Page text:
NEWS
January 14, 2013 | By Kevin Riordan, Inquirer Columnist
Though unmistakable in retrospect, Mom's symptoms were not obvious at first. Her six grown children told her, and themselves, that plenty of older people are forgetful. Everybody misplaces keys and glasses and checkbooks, they said. Anybody can forget how to spell forty . Boy, were we ever in denial. Our mother had - and still has - dementia, the umbrella term for Alzheimer's disease and similar disorders with little in the way of treatment, and no cure. An estimated 5.4 million Americans have dementia, which saps people of the ability to handle the car, the checkbook, the cooking.
NEWS
August 1, 2012 | By Meeri Kim, Inquirer Staff Writer
The newest member of the therapy team at Jefferson's Magee Rehabilitation Hospital has perfect windswept blond hair, loves long walks through Rittenhouse Square, and is a proud member of . . . the squirrel patrol? Introducing Ford - an eight-year-old golden retriever. His job? Offering friendly, nonjudgmental companionship, he subtly encourages patients to keep doing what they need to do to recover. "Ford is by far the most popular staff member in this hospital," chief medical officer Guy W. Fried said with a laugh.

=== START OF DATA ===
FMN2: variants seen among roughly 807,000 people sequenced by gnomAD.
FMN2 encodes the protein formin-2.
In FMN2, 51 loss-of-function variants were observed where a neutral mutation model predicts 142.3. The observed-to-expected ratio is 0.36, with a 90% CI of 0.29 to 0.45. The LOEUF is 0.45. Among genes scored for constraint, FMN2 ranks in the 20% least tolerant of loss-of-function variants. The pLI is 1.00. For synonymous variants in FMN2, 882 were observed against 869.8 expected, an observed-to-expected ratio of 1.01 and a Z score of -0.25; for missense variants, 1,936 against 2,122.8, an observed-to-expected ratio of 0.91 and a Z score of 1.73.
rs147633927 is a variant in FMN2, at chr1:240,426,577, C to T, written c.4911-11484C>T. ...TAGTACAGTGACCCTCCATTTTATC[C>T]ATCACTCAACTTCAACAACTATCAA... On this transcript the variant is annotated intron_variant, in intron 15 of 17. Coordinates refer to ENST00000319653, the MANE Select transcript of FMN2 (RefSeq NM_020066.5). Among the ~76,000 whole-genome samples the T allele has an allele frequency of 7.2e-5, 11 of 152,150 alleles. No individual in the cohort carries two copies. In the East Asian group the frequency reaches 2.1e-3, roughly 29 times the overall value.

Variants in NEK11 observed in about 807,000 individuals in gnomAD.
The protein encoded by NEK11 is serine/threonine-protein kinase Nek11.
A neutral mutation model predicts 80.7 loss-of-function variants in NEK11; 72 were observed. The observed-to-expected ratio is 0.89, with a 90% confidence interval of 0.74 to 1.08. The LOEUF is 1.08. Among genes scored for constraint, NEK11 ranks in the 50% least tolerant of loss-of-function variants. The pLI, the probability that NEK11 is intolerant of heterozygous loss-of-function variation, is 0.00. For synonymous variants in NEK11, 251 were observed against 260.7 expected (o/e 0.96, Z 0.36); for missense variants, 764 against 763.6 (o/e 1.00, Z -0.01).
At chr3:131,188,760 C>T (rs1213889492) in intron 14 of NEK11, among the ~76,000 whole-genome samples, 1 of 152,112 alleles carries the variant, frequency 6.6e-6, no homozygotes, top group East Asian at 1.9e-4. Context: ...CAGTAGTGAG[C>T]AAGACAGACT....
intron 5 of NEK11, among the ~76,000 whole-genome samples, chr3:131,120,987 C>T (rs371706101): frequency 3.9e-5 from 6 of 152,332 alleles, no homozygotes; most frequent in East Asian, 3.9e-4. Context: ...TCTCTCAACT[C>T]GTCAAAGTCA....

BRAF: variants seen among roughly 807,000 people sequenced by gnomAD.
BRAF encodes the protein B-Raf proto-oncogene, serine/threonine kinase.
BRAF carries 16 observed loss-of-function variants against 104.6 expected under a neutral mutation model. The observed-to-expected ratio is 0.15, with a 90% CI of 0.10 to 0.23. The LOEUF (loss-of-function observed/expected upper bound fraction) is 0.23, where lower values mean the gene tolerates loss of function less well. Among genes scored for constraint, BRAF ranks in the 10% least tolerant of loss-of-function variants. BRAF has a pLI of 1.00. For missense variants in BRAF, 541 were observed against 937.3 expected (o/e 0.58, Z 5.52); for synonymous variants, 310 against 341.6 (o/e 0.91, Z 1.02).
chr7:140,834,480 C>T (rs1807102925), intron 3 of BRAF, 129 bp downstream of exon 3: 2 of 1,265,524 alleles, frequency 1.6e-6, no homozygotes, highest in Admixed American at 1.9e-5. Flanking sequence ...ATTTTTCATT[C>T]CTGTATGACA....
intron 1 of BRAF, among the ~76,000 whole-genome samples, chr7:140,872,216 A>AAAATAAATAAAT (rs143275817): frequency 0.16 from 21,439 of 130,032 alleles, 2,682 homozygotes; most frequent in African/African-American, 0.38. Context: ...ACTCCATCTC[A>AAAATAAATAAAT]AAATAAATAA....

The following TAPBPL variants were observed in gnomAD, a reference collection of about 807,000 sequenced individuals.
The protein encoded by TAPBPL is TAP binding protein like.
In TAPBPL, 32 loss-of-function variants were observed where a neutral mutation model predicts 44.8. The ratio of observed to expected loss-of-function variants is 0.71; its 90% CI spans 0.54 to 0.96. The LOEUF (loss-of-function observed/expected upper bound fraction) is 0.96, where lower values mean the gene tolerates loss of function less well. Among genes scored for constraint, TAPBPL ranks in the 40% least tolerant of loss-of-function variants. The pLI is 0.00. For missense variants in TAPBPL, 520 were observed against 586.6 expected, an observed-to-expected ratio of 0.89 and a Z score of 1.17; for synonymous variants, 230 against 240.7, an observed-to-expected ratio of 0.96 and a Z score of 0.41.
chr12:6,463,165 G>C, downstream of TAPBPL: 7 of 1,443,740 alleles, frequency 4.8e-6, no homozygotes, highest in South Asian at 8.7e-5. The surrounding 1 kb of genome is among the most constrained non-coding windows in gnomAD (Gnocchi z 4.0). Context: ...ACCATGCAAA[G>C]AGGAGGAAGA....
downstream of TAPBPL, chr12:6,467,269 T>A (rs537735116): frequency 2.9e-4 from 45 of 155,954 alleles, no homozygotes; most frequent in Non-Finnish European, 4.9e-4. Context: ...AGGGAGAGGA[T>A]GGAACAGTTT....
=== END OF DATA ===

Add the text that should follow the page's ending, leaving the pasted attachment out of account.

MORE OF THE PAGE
NEWS
June 22, 2012 | By Ron Devlin, READING EAGLE
KEMPTON, Pa. - Exhausted but joyful, a bleary-eyed Elizabeth Christman stood in front of the Hawk Mountain Sanctuary visitor center in Berks County at 1 a.m. Thursday. "We're ecstatic," the 38-year-old Allentown occupational therapist said, speaking for her husband, Scott. "We feel joy and thankfulness. " Her father, Robert Durn, 74, of Allentown, and her two sons, Garrod, 9, and Griffen, 5, had been missing in a remote section of Hawk Mountain for more than eight hours before being found shortly before 12:01 a.m. Thursday.
NEWS
February 20, 2012 | By Tom Avril, Inquirer Staff Writer
  Had they been born a quarter-century ago, the 200 children would have been lucky to survive. These days, the issues they face at Children's Hospital of Philadelphia seem mundane by comparison. Can the children babble a few words? Put wooden pegs in holes? Kick a ball? The 200 infants and toddlers are veterans of major heart surgery, and to the untrained eye they seem no different from any other kid, but for a faint scar on the chest. Yet increasingly, researchers at Children's Hospital and elsewhere are finding that such patients are more likely to experience subtle developmental delays.
NEWS
April 24, 2010 | By Sally A. Downey INQUIRER STAFF WRITER
Henry A. Jordan, 73, of Chester Springs, a psychiatrist and civic leader, died of cancer Monday, April 19, at his home. Dr. Jordan, whose parents were physicians, grew up in Stroudsburg, Pa. He graduated from Phillips Exeter Academy in New Hampshire and earned a bachelor's degree from Harvard University, where he was on the crew team. He earned a medical degree from the University of Pennsylvania and completed an internship and a residency in psychiatry at the Hospital of the University of Pennsylvania.
1 | 2 | 3 | 4 | 5 | Next »
|
|
|
|
|